Convergence, which has transformed the information and media communications sectors for decades, is also taking place in the energy and renewables industry. I sat down with former Homeland Security policy expert Adam Stahl to review green energy and geopolitics. Stahl, who advises the private green energy sector, has worked in various US government policy roles and studied global affairs at Oxford. Here are the main points.
The digitization of the energy sector strengthens and weakens nation states.
Increasing demands for cleaner and more efficient fuel sources have fundamentally changed the geopolitics of energy suppliers and consumers. The power generation, distribution and transmission management technology is getting stronger and more integrated. However, this digitization widens the area of surface attack for both nation-state actors and cybercriminals. Both traditional renewable and industrial energy control systems such as pipeline distribution management, solar or wind generation, and bulk electricity systems are increasingly being enabled online, leading to greater cybersecurity risks, both in terms of scope and scale.
Malicious actors from the People’s Republic of China (PRC) and Russia can now investigate, disrupt and cause significant damage to key parts of the energy infrastructure with the click of a button. A ransomware attack on Colonial Pipeline systems is just the beginning. The event disrupted a major artery for distributing gas and jet fuel across 17 states.
Political efforts to accelerate renewable energy are gaining state power for democratic and authoritarian regimes alike. Just as the United States has anticipated soft power with the Internet, Beijing is seeking to stimulate green research and development, resource extraction, and chemical processes to advance its global goals.
There are pros and cons to energy interdependence and the global economy.
The Russian invasion of Ukraine heightened geopolitical tensions. Russia’s arming of energy supplies has pushed up prices at the pump. The peoples, governments, and institutions of the democratic world have come together to condemn Russian aggression. More than 1,000 companies have halted business in Russia, although notable Chinese companies such as Huawei and Lenovo remain.
Companies and countries are now aware of the technological vulnerabilities associated with critical infrastructure. Increased attacks by Moscow-linked cybercrime organizations such as county And Celent Targeting, disrupting, and exposing weaknesses in energy infrastructure in the United States and Europe, including utility commissions, wind turbines, and LNG facilities.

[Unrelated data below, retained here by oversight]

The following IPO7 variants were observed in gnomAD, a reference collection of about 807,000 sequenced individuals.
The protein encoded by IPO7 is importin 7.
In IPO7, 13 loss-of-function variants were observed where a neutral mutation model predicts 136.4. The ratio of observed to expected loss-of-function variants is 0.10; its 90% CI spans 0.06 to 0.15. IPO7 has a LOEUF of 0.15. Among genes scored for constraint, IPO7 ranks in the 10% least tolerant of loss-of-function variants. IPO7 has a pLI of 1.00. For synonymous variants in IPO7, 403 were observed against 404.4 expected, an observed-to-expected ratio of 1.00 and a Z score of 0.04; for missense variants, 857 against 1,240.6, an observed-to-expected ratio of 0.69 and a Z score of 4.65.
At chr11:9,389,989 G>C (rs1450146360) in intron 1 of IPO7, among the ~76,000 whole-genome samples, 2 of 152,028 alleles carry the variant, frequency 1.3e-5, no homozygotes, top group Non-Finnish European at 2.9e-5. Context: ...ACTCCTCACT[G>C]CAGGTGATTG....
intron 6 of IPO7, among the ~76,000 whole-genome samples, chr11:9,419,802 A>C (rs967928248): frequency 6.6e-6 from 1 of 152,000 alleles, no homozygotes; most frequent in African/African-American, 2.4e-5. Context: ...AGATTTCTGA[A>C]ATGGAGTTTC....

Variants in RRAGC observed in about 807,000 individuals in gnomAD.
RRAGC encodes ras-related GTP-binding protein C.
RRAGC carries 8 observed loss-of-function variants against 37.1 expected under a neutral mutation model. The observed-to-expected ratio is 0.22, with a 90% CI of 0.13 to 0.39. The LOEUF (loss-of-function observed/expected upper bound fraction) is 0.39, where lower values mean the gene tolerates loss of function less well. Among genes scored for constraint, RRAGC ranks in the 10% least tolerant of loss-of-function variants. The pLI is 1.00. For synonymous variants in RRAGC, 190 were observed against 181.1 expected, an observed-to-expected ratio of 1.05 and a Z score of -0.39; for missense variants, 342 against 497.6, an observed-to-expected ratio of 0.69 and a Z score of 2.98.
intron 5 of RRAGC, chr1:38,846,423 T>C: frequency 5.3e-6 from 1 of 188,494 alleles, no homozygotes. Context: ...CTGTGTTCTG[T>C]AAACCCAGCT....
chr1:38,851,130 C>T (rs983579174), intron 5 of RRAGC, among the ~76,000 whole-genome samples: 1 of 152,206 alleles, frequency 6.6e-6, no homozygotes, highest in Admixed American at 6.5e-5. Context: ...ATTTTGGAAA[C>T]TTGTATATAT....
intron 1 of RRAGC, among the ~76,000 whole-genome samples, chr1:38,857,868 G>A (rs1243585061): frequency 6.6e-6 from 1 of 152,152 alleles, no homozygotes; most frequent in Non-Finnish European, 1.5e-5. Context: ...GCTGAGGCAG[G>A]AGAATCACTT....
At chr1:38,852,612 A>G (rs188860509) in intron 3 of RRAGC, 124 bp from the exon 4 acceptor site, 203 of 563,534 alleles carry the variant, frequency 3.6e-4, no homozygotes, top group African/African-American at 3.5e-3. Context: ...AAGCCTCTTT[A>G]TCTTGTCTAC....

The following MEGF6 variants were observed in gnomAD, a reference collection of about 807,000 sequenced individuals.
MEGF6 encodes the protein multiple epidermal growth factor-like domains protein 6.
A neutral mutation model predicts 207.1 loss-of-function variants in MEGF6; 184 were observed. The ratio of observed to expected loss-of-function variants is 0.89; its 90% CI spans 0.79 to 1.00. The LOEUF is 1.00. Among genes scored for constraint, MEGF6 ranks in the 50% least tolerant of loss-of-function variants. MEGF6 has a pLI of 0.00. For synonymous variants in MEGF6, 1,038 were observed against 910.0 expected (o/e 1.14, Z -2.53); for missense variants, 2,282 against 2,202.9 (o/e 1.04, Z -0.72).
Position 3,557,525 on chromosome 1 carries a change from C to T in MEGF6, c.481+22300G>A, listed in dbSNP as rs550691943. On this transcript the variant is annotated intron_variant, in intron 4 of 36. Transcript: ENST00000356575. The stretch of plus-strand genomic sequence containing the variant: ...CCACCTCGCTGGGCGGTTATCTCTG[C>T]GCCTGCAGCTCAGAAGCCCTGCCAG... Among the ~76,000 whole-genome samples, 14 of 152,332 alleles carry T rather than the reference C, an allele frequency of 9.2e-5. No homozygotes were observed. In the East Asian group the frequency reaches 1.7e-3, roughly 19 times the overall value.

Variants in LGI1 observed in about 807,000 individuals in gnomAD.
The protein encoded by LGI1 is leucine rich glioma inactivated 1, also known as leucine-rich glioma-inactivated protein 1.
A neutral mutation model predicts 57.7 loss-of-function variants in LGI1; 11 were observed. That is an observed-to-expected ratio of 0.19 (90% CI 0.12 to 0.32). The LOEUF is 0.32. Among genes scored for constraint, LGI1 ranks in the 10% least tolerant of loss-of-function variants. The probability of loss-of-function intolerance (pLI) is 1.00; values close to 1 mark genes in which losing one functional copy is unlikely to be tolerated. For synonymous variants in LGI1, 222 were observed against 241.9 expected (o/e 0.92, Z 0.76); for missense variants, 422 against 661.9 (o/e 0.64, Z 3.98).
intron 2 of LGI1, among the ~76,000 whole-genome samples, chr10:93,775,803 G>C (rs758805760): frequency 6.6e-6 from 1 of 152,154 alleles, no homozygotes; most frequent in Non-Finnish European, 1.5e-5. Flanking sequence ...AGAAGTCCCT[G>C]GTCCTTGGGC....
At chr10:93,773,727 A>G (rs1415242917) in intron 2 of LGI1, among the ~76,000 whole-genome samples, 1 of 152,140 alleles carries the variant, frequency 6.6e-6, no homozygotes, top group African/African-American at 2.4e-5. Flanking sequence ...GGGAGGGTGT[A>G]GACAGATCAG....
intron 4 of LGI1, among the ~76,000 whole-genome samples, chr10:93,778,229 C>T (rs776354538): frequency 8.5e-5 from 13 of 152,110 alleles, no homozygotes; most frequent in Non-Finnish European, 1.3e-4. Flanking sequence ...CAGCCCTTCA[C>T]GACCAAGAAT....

Like Russia, China can use its energy resources for coercion.
Beijing, like Moscow, also possesses both the economic leverage and sophistication to corrupt and disrupt critical infrastructure, a scheme that the People’s Republic of China could replicate on Taiwan. Although Beijing and Moscow have different methods of projecting power, both countries have a “stranglehold” in the energy sector to undermine Western interests. Putin’s disruption of energy supplies to curb support for Ukraine is just one example of a coercive diplomatic tool. China may be short on oil, but it is crammed into the green energy manufacturing market, particularly the production of solar panels and electric car batteries. More than 60 percent of solar panels and almost all of the rare earth metals inside electric batteries are processed in China. Of the 129 lithium-ion battery plants planned by 2029, 100 of these facilities will be in China.
Corporate supply chains are national security, a fact exposed by Covid-19.
Supply chains are inclusive of all. It integrates device reliability, distribution flexibility, and production integration into multiple layers. Global events are increasing the importance of supply chain security for high-level decision making in the public and private sectors. This shift can be attributed to the need to correct China’s long-standing manipulation of the global economy and blatant control of manufacturing. It produces about 60 percent of the world’s supply of solar panels with forced labor and more than 90 percent of its rare earth metals needed in advanced batteries including lithium, cobalt, graphite and nickel. Washington and Beijing are racing to standardize the limited available raw materials needed to meet demand for electronic cars that could rise to 300 million by 2040, a 60,000% increase from 2018.
The energy sector has not been immune to these pressures, due to fake production as well as cyber espionage in both the carbon and renewable energy industries. Examples include theft of trade secrets in energy innovation, pipeline technology, wind turbine designs, and specialized software.
New U.S. protections for semiconductors (including news of upcoming restrictions on China’s YMTC premiere, which should help Apple reconsider a flawed deal), fiber and other important inputs are welcome, but opponents have taken advantage of U.S. policymakers’ slow and inconsistent response.
Adam Stahl is a national security specialist with assignments on the Senate Foreign Relations and Commerce Committees and the Department of Homeland Security. A former deputy chief of staff in the Department of Homeland Security’s Office of Strategy, Policies, and Plans, he led the development of the department’s strategies for China and the Arctic. He now works for an energy company. His articles are available at The Hill and RealClearPolicy.